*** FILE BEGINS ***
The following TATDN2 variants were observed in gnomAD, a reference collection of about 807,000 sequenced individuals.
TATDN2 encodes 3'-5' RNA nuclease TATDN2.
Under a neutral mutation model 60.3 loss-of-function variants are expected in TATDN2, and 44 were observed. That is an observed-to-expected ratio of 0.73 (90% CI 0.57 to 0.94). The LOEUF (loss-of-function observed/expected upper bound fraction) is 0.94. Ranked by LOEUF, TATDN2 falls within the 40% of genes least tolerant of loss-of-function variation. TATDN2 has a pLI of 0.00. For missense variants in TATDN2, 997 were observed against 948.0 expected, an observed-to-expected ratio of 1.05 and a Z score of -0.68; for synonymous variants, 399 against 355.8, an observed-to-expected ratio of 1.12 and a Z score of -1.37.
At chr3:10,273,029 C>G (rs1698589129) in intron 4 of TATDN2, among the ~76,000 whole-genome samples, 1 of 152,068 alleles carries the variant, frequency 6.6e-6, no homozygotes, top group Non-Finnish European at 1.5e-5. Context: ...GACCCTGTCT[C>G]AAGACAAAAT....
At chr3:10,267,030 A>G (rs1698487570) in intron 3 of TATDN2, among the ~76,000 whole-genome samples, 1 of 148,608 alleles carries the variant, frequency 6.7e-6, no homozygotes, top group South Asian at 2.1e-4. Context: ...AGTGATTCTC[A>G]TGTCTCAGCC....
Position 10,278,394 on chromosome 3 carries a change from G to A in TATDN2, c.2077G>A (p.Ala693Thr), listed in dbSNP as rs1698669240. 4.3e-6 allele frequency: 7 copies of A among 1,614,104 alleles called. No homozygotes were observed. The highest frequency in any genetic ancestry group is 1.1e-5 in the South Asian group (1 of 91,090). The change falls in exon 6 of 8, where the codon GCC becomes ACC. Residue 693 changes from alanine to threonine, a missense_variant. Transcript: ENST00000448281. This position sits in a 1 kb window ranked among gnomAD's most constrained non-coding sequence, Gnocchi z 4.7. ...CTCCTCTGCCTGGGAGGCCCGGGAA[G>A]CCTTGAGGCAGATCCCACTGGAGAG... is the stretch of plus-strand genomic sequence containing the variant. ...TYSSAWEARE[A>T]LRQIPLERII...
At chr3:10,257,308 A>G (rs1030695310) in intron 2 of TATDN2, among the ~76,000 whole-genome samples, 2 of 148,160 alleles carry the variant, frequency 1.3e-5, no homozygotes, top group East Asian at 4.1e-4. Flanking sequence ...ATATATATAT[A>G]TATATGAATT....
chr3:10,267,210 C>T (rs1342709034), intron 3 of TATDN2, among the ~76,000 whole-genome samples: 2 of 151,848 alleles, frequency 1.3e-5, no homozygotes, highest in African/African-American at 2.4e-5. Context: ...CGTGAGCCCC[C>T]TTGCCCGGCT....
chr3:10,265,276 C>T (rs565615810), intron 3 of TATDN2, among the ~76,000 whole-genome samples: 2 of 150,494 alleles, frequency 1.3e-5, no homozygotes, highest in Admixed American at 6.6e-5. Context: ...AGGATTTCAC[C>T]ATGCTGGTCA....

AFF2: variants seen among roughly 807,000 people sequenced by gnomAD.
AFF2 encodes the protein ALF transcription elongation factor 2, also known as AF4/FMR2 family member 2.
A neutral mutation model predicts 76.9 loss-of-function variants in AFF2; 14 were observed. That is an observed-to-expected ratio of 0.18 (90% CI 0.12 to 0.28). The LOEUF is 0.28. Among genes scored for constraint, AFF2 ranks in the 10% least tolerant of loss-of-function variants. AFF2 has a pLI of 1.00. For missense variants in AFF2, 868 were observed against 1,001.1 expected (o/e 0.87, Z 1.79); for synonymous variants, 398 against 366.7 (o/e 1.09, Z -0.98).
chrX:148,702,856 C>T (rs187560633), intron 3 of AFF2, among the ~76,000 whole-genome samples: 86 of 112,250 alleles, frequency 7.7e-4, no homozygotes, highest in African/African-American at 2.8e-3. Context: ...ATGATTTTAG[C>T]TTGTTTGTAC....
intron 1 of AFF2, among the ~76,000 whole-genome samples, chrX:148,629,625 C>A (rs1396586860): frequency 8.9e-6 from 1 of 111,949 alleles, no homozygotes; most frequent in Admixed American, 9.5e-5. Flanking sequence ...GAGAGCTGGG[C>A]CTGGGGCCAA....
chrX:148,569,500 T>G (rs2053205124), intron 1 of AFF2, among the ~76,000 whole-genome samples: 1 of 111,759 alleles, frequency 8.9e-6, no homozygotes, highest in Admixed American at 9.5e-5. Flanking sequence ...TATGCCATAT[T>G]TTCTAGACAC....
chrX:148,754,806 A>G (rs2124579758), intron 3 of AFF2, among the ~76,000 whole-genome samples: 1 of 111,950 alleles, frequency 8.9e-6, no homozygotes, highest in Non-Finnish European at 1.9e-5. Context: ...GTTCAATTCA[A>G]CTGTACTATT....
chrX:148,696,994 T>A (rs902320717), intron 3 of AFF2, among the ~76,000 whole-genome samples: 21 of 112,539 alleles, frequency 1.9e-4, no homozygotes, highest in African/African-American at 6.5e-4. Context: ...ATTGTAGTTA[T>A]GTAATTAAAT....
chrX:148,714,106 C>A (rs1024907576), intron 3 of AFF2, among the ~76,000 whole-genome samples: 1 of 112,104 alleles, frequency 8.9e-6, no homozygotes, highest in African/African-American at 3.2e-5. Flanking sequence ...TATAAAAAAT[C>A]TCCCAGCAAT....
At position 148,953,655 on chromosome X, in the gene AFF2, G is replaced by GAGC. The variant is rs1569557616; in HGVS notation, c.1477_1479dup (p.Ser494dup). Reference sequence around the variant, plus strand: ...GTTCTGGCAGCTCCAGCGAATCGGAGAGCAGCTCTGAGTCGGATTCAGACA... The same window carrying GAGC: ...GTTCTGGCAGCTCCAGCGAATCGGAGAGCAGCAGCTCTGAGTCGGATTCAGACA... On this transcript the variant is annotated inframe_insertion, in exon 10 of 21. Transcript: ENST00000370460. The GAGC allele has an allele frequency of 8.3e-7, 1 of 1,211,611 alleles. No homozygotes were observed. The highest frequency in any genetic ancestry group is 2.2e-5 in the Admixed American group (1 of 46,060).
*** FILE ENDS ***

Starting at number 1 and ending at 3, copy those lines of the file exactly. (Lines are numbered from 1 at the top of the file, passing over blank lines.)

The following TATDN2 variants were observed in gnomAD, a reference collection of about 807,000 sequenced individuals.
TATDN2 encodes 3'-5' RNA nuclease TATDN2.
Under a neutral mutation model 60.3 loss-of-function variants are expected in TATDN2, and 44 were observed. That is an observed-to-expected ratio of 0.73 (90% CI 0.57 to 0.94). The LOEUF (loss-of-function observed/expected upper bound fraction) is 0.94. Ranked by LOEUF, TATDN2 falls within the 40% of genes least tolerant of loss-of-function variation. TATDN2 has a pLI of 0.00. For missense variants in TATDN2, 997 were observed against 948.0 expected, an observed-to-expected ratio of 1.05 and a Z score of -0.68; for synonymous variants, 399 against 355.8, an observed-to-expected ratio of 1.12 and a Z score of -1.37.